Last August, Arsenal lost their first three matches, by a combined score of 9-0, including ultra-humbling ass-whoopings by Chelsea (just about the only time Romelu Lukaku looked menacing with Chelsea) and City. The Gunners would recover, of course, only to break their fans’ hearts in even more agonizing fashion by puking up a Champions League place in the final weeks of the season. Such has been Arsenal since Arsene Wenger packed up his office, moments of progress and excitement shrouded and smothered by the need to blow their own toes off.
So it wouldn’t be a surprise if Arsenal fans everywhere (whoever the most annoying person you know is probably one) are still stepping out on their glee with this season’s start like an iced over lake. Sure, it might feel pretty solid now, and the risk is exhilarating, but the suspicion that the next step will plunge one into the icy depths still rules over all.
It’s hard to ignore the facts though. Three games, three wins, nine goals for, only two against (and both of those Leicester goals came after that match was pretty much decided), top of the table depending on how City do against Newcastle. You couldn’t ask for much more.
Perhaps the most exciting aspect is that new additions are leading the way. While signing Gabriel Jesus away from City was questioned by some, as he never quite convinced anyone in Manchester that he could play as a center forward full-time, there certainly has been scant evidence in North London that he should have been playing anything else.
That’s just bullying an entire opponent because you feel like it. Jesus scored twice last week against Leicester, but his better touch and vision than Alex Lacazette was providing last season has opened up the game for the three attackers behind him, as in Martin Odegaard, Bukayo Sako, and Gabriel Martinelli.
Even as exciting as Jesus has been, and there are few things more galvanizing than a talented striker with a point to prove, it’s William Saliba in defense that has the faithful truly purring. The story of Arsenal’s season so far has been their defense, as they’re giving away nothing. And Saliba has been a huge part of that. While he’s been as solid as can be as a defender, it’s his passing that has really been the show-stealer. Yesterday against Bournemouth, he completed 100 percent of his passes. Didn’t misplace one. On the season, he’s only misplaced 11 out of 98, and he’s not merely knocking the ball over to his defensive partner with every attempt. And he’ll, apparently, occasionally do stuff like this for the fuck of it:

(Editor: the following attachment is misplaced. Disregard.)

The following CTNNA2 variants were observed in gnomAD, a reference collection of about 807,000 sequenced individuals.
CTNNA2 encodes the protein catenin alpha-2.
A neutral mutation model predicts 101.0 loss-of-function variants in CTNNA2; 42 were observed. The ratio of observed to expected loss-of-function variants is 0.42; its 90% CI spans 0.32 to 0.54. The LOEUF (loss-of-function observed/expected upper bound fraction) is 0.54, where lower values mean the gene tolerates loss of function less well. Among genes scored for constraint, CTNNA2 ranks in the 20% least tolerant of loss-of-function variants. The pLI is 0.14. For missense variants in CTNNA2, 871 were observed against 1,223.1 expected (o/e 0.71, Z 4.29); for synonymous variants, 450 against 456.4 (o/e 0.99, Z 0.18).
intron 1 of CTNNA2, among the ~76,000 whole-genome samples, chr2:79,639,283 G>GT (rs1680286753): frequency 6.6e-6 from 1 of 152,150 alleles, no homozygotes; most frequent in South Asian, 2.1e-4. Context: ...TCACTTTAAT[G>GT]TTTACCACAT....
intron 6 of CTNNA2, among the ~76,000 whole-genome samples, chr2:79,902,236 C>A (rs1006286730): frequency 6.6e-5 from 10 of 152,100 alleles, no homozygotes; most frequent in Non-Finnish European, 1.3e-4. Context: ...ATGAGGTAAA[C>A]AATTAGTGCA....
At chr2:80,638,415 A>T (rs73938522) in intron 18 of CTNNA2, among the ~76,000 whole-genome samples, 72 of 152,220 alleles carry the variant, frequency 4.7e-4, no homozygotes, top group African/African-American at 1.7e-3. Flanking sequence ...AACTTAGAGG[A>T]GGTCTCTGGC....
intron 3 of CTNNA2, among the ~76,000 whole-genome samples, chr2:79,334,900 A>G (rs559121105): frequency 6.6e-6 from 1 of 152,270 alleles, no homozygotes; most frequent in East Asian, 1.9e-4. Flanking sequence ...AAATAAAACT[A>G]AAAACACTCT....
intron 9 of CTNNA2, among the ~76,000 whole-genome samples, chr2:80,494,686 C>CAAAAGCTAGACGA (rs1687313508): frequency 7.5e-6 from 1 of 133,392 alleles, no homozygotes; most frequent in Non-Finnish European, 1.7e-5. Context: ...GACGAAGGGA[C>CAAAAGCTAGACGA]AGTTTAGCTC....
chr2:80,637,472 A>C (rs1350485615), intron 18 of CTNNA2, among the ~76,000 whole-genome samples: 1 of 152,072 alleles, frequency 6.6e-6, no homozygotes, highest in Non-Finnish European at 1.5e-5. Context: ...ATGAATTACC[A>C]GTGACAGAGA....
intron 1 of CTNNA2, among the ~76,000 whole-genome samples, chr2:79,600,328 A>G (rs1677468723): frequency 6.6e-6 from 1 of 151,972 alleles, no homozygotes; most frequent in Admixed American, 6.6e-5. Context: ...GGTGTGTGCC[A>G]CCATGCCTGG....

You know you’ve done something when your own teammates can’t even take it:
Speaking of Oleksandr Zinchenko, he’s been yet another suave buy. While he could never break into the City team regularly, his per 90 stats mark him out as one of the most creative fullbacks in the world, and can also play in midfield when Arsenal require. Zinchenko’s greater adventure has brought a new dimension to Arsenal, as he’s far more adept at getting the ball forward and into the opponent’s box than Kieran Tierney or a gaggle of others to rotate into the left-back spot could.
Are there caveats? Sure. Arsenal have gotten to play two relegation candidates of their three games (yes, Leicester are absolutely a relegation candidate based on their form and the fact that their manager hasn’t stopped bitching and throwing his board under the bus instead of getting on with it, a Brendan Rodgers trait when things start to go off the boil). And in their opener against Crystal Palace they were on the backfoot for long stretches (only 44 percent possession).
Secondly, they’ve benefitted from over half their shots on target finding twine, which won’t continue, no matter how much of a gift Jesus might be (see what I did there?). Their margins aren’t as big as they might have looked, because they aren’t really creating more chances or more shots than they did last season (14.8 shots per 90 this season, 15.3 last season, five shots on target per 90 this season, 4.8 last season). Like has always been the case with Mikail Arteta’s teams, they don’t really press that much anywhere on the field, keeping things pretty low even.
But it’s in that low event style that Arsenal have really jumped forward this time around. They’ve been downright miserly in what they give up, allowing only 7.3 shots per game compared to 11 last season. Saliba’s greater control, and his allowing Ben White to shift out to fullback to lock down that wing, is a big reason why. Having a healthy Thomas Partey in midfield is another factor.
And even if you want to pick at the soft opening to the schedule so far, it’s going to stay that way for a bit. They only face one other member of the top six until Oct. 1, and that’s Man United, which doesn’t look to be an ascending-Mt.-Doom type task at the moment. They’ll see Fulham, Villa, Everton, and Brentford in that time, so they could rack up near maximum points before the season’s first dance with Spurs.
The numbers might suggest there will be a flattening of the curve somewhere soon. But it might not be for a bit, and Arsenal are certainly going to enjoy the sunshine in the meantime.